Rooms and Their Airs by Jody Gladding
Rooms and Their Airs
Entering Jody Gladding’s exquisite small poems, I feel space open up and take a fuller breath than I have for a while. Within the space of her poems, nature and culture are one; I partake of their kinship with gratitude and the wonder of heightened attention.
Gladding writes with astounding freshness about essential daily acts that many millions perform. That freshness derives in part from the wholeness of her vision (and, one imagines, her life), in which mothering and birthing, for example, are indissoluble from writing.
into my other
she slips free
all I name.
Similarly, a made and haunting image is one with the maker’s body, with animals’ bodies, with chemistry, geology, and physics, in the poem “February 14—Dordogne,” about an ancient picture of a reindeer curving around a cave wall, its head not rendered.
Which is not to say she’s left anything unfinished, only that the processes of creation are ongoing. So she takes the pigment into her mouth. She mixes it with her spit. She finds the reindeer’s flank, there, curving out from the wet stone. And through a bird’s bone, she blows.
It’s her breath that fixes the line to the sweating limestone wall. Fixes it, but only in the play of shadow and light.
Often Gladding’s speaker realizes herself through her attention to other parts of nature. Just by growing, the poem “Flower Moon” observes, beings take a chance:
. . .
the early ones
this isn’t easy for them
the trout lily the wild oats
I was sowing then I didn’t even know
the boy hired to watch the building site
I showed him where the road ended
and the overgrown trail
I brought him to the open abandoned place
and lay down
trust trust say the limp wings of emerging moths
. . .
I lay down
and no harm
came to me there
done . . .
. . .
oh my love remember
this time of molting crabs
when nothing can protect you
and nothing does.
And culture—in the form of a boyfriend’s cigarette “lit up in the parking lot hot tar still / bubbling engine running”—agrees that the risk is vital, in the poem “Red Moon”:
the red ash
heat rising from us
so much shimmering that moon
no one could say it wasn’t living
no one could call it dust.
Those two poems belong to a group of pieces that take off from Native American mythopoetic names for the moon in different times of year (all the poems were written at the corresponding time). Thus, again, as with her poems about cave art, Gladding’s subject matter embraces both the natural and the cultural.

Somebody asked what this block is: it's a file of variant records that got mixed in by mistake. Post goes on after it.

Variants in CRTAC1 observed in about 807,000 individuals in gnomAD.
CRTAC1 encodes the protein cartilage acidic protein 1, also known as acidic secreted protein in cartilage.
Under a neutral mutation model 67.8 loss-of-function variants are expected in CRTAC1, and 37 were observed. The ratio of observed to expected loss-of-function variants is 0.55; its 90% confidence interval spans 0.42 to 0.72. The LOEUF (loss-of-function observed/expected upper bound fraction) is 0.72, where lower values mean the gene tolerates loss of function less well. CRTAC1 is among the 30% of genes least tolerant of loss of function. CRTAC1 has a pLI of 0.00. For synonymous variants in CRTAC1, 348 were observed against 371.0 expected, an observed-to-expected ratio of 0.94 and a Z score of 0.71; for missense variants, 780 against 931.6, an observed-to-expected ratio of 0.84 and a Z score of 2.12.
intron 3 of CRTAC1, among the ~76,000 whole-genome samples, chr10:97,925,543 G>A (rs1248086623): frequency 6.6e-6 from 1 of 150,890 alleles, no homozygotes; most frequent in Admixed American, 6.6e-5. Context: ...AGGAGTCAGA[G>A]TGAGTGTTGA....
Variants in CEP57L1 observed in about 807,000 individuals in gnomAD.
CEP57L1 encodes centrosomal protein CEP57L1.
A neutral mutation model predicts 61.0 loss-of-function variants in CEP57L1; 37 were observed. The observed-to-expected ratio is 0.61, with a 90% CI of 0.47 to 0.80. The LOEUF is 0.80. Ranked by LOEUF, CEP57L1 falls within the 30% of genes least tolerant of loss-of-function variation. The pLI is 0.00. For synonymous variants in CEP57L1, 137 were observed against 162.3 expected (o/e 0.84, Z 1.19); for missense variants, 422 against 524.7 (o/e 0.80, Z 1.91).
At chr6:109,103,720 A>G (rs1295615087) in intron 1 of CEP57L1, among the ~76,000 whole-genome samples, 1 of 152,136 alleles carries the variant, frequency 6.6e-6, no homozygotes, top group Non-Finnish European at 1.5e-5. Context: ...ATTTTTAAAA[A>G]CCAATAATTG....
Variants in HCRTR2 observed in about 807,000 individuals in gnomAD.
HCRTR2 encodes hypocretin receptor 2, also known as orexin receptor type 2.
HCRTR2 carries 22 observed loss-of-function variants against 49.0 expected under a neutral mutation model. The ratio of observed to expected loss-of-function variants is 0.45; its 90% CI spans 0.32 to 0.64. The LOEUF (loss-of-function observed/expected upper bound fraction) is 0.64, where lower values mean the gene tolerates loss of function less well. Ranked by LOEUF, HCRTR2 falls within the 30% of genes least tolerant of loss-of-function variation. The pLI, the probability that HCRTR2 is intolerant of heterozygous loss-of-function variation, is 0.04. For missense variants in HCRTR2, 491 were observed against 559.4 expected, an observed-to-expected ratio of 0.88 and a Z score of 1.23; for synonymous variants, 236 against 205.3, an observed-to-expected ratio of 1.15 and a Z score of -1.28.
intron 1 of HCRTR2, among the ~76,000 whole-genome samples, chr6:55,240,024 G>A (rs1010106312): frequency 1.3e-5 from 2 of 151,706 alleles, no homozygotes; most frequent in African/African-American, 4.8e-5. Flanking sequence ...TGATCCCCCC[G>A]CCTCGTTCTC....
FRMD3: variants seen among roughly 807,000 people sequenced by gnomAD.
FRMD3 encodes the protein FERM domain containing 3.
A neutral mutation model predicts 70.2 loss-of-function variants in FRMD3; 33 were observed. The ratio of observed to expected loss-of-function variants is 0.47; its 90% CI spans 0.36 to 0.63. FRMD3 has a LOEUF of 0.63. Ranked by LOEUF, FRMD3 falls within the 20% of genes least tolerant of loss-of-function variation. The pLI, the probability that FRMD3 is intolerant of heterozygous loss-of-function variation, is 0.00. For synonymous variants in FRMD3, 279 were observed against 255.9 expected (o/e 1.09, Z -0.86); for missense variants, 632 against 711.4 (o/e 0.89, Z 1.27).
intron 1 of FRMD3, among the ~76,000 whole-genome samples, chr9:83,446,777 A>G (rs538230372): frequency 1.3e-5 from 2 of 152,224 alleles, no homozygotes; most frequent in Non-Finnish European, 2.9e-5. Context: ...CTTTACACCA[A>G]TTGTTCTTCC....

So, indeed, does the subject matter of her poems inspired by prints in the Medieval Health Handbook.
Air out the quilt. Down remembers
Remake the bed. Down remembers
the poem “Rooms and Their Airs (Camere et Aer Ipsius)” begins. Further on it continues, “Prepare a fish. If the skin’s not thick, / it lived in shallows that run among stones.” The poem concludes with the caution that culture’s oneness with nature is dynamic, not neutral: “Conserve the bones. Nothing you do here / will be forgotten.”
There is also a caution in “February 14—Dordogne.” The cave picture remains because “twelve thousand years later, the plant cover on the hillside above the cave determines the climate within, balancing the inward percolation”—as long as visitors leave the place as it is.
Mostly, though, the care that Gladding hopes we will take is implicit, in the way she imagines herself and what she creates—as part of the natural world. In “Sweet Apples (Poma Mala Dulcia),” the speaker urges,
Here, have a taste. I used to be less liberal.
I’d cling to them, think flesh of my flesh.
But where does that lead? Collapsed brown
mouths the deer won’t eat, come winter.
Better to harvest while a tree still knows
how blossoming’s a way to enter deep into
the world. Even though it leaves you
scatterbrained, a stubble of missed
connections. Or fruitful and worried
by every inching thing. Just look at them—
my sweet, sweet apples. Please eat
your fill. . . .
Having done so, I am glad that the poet, when not subject to “Dawdling (Cessatio),” acts in accord with the “Beaver Moon”:
Beaver spreads her broad tail over the moon
all month she does this
she says work work
her tail’s gray
from end to end
she slaps it hard she says
the trees raise their bare arms
their empty hands
nothing for them to do now
beaver gnaws away
from every side
what’s left of the day’s
beaver leaves it standing
little spool of light—
Gladding’s pieces, as these examples show, take various forms, such as minimal lines, couplets, and opened out spaces (all with deftly meaningful line breaks), as well as lyric paragraphs. The form of each poem seems to me natural to the process it enacts—the speaker’s mind, the poem’s body: one. Rooms and Their Airs is a nourishing work.
Reviewed by Lauren Rusk.
Poets’ Quarterly | October 2009.